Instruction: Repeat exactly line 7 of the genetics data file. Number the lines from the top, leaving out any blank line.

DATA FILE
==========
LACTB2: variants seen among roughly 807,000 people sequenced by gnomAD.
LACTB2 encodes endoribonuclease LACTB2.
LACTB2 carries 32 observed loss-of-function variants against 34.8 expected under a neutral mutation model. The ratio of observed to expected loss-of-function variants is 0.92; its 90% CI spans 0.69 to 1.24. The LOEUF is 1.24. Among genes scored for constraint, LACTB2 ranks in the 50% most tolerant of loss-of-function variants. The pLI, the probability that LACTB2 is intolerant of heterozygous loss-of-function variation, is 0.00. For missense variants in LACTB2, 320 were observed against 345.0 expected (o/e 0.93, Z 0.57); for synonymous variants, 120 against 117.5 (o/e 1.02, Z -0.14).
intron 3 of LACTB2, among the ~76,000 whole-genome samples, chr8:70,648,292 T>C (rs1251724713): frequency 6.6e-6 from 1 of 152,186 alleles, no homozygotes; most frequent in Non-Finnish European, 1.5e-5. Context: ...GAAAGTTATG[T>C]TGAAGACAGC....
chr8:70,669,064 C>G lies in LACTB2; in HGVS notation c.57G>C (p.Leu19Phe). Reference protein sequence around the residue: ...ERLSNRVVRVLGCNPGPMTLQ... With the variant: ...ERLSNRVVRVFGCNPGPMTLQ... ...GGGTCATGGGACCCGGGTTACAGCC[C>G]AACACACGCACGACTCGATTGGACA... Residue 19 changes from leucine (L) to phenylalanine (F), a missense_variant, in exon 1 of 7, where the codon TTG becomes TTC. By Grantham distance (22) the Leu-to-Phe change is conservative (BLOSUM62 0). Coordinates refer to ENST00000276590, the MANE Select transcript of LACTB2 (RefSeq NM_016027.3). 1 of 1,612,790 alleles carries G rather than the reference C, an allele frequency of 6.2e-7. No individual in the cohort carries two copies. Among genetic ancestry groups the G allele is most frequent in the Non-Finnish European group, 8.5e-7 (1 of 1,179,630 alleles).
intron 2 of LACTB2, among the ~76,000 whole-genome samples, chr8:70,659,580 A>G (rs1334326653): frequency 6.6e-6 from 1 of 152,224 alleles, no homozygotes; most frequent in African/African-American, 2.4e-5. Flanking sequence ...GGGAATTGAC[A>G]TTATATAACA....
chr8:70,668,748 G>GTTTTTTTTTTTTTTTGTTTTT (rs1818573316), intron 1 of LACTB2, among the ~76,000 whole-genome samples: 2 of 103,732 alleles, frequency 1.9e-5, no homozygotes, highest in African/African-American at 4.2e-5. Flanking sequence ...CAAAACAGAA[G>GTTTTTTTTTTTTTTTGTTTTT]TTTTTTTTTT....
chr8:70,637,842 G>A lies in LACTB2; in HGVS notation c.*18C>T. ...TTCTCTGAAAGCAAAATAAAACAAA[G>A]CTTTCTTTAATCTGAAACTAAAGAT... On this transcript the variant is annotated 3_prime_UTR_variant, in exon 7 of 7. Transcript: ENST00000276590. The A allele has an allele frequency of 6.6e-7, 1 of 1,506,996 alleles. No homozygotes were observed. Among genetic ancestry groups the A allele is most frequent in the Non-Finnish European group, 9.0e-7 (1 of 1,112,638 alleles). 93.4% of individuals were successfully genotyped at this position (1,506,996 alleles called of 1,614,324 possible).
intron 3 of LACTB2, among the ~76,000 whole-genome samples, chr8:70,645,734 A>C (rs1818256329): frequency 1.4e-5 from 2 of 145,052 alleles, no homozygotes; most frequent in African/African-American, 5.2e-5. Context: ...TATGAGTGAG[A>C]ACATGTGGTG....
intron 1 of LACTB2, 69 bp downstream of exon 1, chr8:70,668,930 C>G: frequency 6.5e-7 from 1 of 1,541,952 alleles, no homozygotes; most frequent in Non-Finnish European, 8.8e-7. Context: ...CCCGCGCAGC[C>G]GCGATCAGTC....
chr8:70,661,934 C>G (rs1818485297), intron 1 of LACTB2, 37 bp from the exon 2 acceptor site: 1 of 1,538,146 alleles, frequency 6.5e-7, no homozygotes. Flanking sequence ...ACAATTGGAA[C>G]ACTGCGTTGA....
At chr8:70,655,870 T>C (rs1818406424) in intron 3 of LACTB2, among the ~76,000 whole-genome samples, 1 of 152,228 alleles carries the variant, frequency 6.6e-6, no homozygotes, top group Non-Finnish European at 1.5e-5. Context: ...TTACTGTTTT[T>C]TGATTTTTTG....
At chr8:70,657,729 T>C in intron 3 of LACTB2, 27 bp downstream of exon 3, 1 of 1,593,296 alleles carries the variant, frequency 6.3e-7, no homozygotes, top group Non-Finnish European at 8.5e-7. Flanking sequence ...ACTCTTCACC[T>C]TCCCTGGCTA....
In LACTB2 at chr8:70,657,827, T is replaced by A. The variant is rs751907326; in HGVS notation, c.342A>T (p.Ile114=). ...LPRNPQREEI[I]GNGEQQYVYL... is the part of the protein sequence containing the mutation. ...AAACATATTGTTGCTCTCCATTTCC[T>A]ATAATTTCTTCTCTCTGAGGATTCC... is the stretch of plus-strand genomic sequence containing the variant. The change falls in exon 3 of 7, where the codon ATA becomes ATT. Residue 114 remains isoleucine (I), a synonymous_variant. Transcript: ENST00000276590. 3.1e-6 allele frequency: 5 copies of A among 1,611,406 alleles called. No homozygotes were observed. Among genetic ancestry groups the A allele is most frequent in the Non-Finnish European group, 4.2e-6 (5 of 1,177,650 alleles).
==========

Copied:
chr8:70,668,748 G>GTTTTTTTTTTTTTTTGTTTTT (rs1818573316), intron 1 of LACTB2, among the ~76,000 whole-genome samples: 2 of 103,732 alleles, frequency 1.9e-5, no homozygotes, highest in African/African-American at 4.2e-5. Flanking sequence ...CAAAACAGAA[G>GTTTTTTTTTTTTTTTGTTTTT]TTTTTTTTTT....